Now there was a bit of the second issue of the “Cigarette Card News” magazine that I left out last time. This was the continuation of the Faulkner catalogue, namely cards issued after 1900. Included are several sets that were issued some years after this, and were printed by Mardon, Son & Hall, and a really fascinating fact that is not repeated in our Cartophilic Reference Book No.1, first printed in 1942, that being that the first set of “Prominent Racehorses of the Present Day”, issued in January 1923, were printed “from originals specially painted for Messrs. Faulkner”. Now this may just be referring to the standard artist drawn “artwork” from which all cards originated, but I don’t think so, especially as it does not say this phrase anywhere else in the LCCC listing. So is there anyone out there who can tell us more about this, and whether the second series were also from originals? By the way, my copy of the Cartophilic Reference Book No.1 is rather used, but it is the more expensive type with interleaving, in other words a blank page for notes appears in between each printed page. And it’s also number eleven of a limited edition of four hundred. Now number one of each of these original booklets went to our Society Library, but I have to wonder, and to ask, whether there anyone out there has an earlier number? If so, let us know…
So on to the next magazine in my pile. That’s “Cigarette Card News” No. 4 Vol. 1 January 1934, and its says that the issue would be with the readers on or before Christmas Day. Pity the posties that had to work on Christmas Day then, like our card C560-480 [tobacco : UK] Wm Clarke & Son “Royal Mail” 21/50.
Mr. Porter continued with his “Notes on Current Series”, and after the grumbles from last time about the current sets having been in circulation for some time. In this edition there was actual new series; John Player “Characters From Fiction” from drawings by H.M. Brock, issued at the end of October; “Freshwater Fishes”, which started to appear on November 22nd. The text states that “The cards have adhesive backs, for gumming into special albums, which can be obtained free. This idea seems to have been borrowed from Germany….” So was this the first ever sticky back? It seems that it was, unless you know different; Hignett “A.F.C. Nicknames” which was thought to be “decidedly attractive” though it was “a pity that owing to the local and restricted nature of the issue, it is never likely to be available in quantity at a popular price”. Anyone out there like to explain this to me…? ; Typhoo Tea “Wonder Cities of the World”, oblong cards with sepia views (which do not come readily to my mind in picture form); Goddard “Collection of Old Silver at the Victoria and Albert Museum! A series of nine cards, Mr. Porter admits that he was “not sure of the correct title, which is not printed.” Very curious that! – and Wills “Homeland Events” which he admitted was not really a new issue, but up to now there had been few about, well now there were reportedly “ample supplies” (I guess this means at and via the LCCC) And lastly there was La Cigarette Orientale de Belgique S.A. “Famous Men throughout the Ages”, a foreign series of 100 large cards, bilingual (French and Flemish), a set which is totally new to me.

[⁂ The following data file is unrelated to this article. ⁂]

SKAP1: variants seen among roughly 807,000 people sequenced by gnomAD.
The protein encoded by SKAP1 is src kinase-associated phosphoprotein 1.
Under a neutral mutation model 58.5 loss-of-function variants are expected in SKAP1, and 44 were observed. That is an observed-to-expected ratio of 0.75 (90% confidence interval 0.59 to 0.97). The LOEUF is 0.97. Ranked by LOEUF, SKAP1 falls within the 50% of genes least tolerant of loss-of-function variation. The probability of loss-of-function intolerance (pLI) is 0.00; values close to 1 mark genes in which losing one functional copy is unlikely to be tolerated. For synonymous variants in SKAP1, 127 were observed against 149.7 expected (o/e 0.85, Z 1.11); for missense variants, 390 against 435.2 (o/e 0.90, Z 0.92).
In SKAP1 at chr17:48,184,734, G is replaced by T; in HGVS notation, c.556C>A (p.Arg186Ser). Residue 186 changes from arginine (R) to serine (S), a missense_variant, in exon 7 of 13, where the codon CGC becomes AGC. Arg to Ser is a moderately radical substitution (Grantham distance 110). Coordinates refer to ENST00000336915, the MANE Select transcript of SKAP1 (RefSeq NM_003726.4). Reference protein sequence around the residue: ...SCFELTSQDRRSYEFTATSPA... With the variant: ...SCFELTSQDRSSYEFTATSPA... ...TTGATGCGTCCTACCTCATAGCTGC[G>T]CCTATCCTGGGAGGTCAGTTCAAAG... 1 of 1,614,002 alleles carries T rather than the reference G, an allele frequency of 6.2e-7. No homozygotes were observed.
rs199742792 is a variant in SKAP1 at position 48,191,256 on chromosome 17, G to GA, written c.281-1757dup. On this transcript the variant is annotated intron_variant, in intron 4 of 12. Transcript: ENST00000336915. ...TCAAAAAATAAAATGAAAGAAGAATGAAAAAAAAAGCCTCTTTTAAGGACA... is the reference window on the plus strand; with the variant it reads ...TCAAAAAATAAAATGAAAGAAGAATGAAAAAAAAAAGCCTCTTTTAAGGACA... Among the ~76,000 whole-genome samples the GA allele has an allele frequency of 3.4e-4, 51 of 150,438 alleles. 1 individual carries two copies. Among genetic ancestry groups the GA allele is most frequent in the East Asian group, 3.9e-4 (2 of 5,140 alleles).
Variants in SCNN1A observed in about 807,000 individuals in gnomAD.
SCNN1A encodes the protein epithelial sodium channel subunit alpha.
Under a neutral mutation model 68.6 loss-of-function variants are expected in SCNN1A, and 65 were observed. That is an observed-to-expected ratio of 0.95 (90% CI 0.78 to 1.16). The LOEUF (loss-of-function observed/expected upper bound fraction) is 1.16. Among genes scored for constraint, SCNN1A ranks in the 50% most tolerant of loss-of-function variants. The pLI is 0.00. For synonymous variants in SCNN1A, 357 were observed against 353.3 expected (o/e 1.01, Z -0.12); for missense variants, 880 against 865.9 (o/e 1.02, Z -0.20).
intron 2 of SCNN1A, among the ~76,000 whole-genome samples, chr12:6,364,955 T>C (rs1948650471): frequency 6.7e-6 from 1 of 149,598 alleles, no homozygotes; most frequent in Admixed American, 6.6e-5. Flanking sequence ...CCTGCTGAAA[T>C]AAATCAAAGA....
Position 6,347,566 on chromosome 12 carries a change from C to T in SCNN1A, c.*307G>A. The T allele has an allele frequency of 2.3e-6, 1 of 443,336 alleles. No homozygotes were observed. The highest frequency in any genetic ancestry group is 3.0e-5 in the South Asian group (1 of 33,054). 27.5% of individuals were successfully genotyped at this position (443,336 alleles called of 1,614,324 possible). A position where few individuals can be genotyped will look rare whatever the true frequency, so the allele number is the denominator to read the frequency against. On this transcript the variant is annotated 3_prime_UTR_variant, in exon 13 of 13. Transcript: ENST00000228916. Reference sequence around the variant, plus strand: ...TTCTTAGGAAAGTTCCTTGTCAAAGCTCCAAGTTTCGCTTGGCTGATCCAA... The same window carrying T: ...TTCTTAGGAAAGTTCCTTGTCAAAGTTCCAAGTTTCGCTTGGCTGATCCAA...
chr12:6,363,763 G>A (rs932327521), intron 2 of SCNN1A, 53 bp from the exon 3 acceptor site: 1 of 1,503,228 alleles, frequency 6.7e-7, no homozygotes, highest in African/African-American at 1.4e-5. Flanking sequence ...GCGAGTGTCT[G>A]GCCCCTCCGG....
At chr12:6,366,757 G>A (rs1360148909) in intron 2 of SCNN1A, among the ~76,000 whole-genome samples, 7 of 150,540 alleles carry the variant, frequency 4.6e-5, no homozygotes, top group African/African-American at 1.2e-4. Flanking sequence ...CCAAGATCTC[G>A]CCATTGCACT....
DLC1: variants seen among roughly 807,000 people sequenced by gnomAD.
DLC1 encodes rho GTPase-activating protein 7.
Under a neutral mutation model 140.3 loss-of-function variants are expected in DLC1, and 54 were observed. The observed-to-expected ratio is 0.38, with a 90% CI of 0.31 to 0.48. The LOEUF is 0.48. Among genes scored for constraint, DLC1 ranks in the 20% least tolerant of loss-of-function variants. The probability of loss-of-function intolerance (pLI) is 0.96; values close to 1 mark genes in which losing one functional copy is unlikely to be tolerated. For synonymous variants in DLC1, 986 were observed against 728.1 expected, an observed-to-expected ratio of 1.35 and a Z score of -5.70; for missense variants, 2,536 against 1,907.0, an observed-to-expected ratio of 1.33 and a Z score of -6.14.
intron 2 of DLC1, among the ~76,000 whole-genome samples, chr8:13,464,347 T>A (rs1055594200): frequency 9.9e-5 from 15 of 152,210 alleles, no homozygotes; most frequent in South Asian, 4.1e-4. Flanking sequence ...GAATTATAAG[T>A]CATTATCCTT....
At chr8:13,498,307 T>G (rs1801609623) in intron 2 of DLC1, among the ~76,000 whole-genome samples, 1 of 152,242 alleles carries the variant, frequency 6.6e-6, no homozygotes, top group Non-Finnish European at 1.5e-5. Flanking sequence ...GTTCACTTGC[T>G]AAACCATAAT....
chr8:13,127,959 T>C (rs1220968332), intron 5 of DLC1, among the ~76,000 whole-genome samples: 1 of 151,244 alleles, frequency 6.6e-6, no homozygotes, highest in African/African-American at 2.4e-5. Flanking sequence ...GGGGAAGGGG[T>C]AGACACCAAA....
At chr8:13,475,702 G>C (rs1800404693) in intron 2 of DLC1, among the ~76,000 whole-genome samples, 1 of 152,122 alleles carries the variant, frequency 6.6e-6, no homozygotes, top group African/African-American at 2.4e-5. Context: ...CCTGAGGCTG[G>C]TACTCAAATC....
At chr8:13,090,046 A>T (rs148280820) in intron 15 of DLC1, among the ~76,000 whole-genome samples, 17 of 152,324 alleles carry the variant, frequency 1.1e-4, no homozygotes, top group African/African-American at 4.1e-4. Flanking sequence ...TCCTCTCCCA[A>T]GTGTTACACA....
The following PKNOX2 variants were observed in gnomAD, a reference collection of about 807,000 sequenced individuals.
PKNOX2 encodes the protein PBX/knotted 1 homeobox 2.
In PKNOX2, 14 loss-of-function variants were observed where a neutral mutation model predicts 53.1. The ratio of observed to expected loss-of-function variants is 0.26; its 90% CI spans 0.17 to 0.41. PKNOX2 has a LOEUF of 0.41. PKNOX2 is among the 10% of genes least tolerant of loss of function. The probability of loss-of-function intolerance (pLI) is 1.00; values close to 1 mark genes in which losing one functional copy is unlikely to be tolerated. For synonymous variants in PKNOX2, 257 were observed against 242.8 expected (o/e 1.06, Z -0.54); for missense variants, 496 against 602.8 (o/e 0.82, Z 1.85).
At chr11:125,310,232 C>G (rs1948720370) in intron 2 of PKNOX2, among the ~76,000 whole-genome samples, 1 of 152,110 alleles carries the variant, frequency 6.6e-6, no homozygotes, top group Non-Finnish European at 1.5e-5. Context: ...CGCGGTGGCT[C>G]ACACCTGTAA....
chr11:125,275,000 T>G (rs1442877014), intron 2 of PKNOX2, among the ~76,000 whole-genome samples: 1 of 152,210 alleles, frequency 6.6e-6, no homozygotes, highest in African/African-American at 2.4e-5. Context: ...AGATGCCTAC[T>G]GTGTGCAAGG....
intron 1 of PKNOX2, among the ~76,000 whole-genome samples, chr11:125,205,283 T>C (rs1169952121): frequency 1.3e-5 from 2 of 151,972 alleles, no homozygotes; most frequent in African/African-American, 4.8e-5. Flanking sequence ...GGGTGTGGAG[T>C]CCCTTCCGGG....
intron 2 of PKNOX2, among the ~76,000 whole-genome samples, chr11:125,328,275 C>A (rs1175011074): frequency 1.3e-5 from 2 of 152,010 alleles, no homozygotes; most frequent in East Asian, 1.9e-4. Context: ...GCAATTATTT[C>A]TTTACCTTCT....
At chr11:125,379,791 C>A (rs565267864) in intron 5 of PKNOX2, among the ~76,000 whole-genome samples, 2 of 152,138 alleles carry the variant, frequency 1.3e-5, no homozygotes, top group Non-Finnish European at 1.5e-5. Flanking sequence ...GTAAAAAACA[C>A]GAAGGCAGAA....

The issue also contained a discussion on Ogdens “Guinea Gold” and “Tabs” cards, By C.H.M. (Charles H Matthews) He tells that his first Guinea Gold was acquired “35 years ago”, it was Lily Hanbury, and it started him thinking about cigarette card collecting, though it was not for another ten years that he started to collect. And as for the special offer sets, these were: Typhoo “Common Objects Highly Magnified” reduced to 1/6d (from 3/-) Wills “Homeland Events” 1/- (from 1/3d) – they could also offer sets of “Cathedrals” at 9d., Wills “Garden Flowers” at 1/3d., Ogden “Smugglers & Smuggling” at 10.1/2d and “Australia” at 2/- plus the “Famous Men throughout the Ages” at 3/6d a set. The promised John Player foundation of a standard catalogue also appeared, this gives month and year dates for all 1920 to 1933 (supplied by Player themselves) along with the number of cards in each set and the current catalogue price. This was a huge undertaking. And lastly, the new style competition – which simply asked for “The Two best Suggestions for additional features in “The Cigarette Card News” in less than 150 words. That closed the Christmas issue.
Well, sadly, we have again reached closing time – or, more correctly, exceeded it – so that will have to be it for another week! Don’t forget that if you enjoy reading our website, there is lots more, on all sorts of cards, in our bi-monthly printed card collecting magazine. You can’t buy that on a news-stand, it’s only available from us on subscription. So to read more about membership, and the associated benefits, please see our membership page.
And if you missed last week’s newsletter, for whatever reason, fear not – it’s still uploaded at https://card-world.co.uk/newsletter/july-31/.